Everything about these foxes has proven to be unusual and complex. Not only do they own their current distribution to the actions of man, they currently owe their survival to our understanding a complex island ecosystem. We are only just now figuring out how to do it, and even then, it is a daunting challenge.
But we will get there.
Let’s hope so.
Any time we are dealing with the genus Urocyon we must remember that we are looking at a living fossil. Both species in the genus represent what is generally believed to the be one of the oldest– if not the oldest– extant form of wild dog. They have many primitive traits, not the least of which is their ability to climb trees almost as well as any cat.
I should also note here that the island fox is thought of as a separate species from the more common gray fox for some rather interesting reasons. It has not been reproductively isolated from the mainland very long. Indeed, they can still crossbreed, and it was recently found that the island fox has nearly identical mtDNA sequences with the gray foxes of Southern California.
Its status as a full species bothers me a bit.
This is particularly true, when you understand that I am adamant that dogs and wolves represent a single species. The differences between an island fox and a gray fox are nothing compared to the differences between a chihuahua and an arctic wolf.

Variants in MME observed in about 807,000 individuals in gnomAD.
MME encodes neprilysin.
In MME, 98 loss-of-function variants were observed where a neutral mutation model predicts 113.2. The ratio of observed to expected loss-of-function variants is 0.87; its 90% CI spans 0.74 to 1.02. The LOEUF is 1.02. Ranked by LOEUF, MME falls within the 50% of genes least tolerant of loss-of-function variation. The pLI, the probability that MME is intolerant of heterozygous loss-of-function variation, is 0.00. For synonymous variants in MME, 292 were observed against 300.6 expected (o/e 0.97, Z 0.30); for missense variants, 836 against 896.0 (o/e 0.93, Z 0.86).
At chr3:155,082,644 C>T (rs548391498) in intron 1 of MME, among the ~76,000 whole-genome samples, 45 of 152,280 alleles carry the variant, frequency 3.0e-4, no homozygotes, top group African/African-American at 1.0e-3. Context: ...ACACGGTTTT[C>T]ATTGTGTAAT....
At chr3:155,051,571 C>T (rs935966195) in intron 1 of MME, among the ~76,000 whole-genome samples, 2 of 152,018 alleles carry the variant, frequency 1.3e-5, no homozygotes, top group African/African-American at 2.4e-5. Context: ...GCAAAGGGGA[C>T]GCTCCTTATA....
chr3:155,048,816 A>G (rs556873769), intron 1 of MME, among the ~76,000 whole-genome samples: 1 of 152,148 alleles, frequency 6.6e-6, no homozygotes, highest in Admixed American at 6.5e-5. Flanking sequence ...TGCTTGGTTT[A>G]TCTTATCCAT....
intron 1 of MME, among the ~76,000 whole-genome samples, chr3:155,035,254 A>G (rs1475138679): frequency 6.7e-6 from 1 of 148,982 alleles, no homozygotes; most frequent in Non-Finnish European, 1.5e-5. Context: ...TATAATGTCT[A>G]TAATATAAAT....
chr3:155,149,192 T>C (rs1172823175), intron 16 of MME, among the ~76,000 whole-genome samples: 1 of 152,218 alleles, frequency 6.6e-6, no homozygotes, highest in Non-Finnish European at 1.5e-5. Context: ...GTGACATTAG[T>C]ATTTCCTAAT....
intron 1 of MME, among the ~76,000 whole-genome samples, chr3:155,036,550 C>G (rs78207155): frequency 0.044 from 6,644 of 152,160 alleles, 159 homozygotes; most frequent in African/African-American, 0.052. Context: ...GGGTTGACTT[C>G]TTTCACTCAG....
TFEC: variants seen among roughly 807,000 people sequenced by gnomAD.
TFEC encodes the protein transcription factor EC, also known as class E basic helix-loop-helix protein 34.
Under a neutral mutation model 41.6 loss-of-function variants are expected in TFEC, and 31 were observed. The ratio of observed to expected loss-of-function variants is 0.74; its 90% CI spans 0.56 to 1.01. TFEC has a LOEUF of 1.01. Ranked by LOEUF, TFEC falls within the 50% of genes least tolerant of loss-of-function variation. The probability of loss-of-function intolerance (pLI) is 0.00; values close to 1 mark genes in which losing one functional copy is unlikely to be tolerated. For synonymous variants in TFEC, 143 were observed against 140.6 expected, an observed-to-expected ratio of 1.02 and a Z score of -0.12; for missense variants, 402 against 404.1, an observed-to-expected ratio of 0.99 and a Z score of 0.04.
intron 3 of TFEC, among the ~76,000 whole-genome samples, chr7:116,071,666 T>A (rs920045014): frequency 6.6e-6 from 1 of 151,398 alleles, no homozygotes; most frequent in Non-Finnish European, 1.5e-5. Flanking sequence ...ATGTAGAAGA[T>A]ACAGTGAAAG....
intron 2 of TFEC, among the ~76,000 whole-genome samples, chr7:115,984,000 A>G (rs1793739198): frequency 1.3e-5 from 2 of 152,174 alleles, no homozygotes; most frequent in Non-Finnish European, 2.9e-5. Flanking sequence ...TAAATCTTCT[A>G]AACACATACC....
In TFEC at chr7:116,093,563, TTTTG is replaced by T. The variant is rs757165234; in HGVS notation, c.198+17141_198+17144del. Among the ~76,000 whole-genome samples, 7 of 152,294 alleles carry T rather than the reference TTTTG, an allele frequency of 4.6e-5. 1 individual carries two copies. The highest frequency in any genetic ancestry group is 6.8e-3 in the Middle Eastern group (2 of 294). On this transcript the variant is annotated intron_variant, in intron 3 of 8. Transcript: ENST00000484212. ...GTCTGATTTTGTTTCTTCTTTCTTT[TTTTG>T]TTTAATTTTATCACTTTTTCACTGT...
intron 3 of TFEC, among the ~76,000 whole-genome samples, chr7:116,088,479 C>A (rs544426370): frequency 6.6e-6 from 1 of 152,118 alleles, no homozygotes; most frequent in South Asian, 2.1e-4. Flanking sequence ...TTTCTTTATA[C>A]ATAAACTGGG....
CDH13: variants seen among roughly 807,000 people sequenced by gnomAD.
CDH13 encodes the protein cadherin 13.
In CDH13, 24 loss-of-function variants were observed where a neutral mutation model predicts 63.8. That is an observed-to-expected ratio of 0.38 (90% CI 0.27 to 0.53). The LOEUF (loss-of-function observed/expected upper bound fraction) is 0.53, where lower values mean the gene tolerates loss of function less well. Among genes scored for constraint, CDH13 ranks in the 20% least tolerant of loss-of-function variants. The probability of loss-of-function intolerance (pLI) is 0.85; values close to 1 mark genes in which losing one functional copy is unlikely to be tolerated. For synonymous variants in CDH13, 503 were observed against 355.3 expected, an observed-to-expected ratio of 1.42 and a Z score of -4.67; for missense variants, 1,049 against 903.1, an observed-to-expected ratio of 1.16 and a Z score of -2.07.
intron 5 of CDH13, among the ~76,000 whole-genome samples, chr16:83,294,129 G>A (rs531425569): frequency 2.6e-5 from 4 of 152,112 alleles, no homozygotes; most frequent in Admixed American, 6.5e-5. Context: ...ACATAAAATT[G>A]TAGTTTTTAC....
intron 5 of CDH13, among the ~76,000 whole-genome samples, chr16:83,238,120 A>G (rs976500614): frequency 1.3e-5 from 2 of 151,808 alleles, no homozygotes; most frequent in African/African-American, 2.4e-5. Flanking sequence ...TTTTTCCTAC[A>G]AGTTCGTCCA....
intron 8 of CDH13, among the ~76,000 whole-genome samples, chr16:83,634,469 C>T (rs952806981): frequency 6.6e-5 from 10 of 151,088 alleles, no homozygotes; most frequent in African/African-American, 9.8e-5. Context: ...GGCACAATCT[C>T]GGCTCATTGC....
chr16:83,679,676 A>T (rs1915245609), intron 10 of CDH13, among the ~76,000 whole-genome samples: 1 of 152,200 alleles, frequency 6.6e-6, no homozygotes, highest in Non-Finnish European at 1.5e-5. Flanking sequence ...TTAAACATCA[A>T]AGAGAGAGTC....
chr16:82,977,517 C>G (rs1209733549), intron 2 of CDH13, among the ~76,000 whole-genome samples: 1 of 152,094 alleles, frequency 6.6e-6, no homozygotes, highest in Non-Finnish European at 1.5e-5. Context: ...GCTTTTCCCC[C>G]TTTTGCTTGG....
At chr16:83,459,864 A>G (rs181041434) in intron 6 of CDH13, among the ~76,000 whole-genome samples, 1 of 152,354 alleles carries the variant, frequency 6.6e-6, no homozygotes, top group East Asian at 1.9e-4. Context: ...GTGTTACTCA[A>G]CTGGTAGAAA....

Dogs and wolves separated a long time ago– much longer than the paltry 10,000 years that exists between mainland gray and island foxes. The original mtDNA studies found that they separated over 100,000 years ago. Current consensus now says that this happened anywhere from 15,000 to 40,000 years ago. That’s still alonger than island foxes have been separated from their mainland cousins.
This gets even more interesting. If one takes into account how widely distributed the mainland gray fox and how variable it is in appearance, then one could see that there might be room to count the island gray fox as a subspecies.
Keep in mind that the gray fox is very widely distributed. Its range includes areas in Canada very close to the US border, and from there, its range extends south through Mexico and Central America to Colombia and Venezuela. Most people are unaware of the gray fox’s wide distribution.
And throughout its range it varies in appearance. The smallest individuals are half the size the largest ones.
So one could theoretically put the island fox within the same species as the gray fox. It would fit nicely with the diversity that exists within that much more common species.
However, it is also useful to understand the island fox as a species. It has a very different lifestyle than virtually all of its mainland cousins. It lives on an island where it is the largest mammalian predator. It has evolved without significant predation as a selective pressure on its behavior.
Behaviorally and ecologically, it is quite unique.
And thus, I am still conflicted about how I would classify this animal.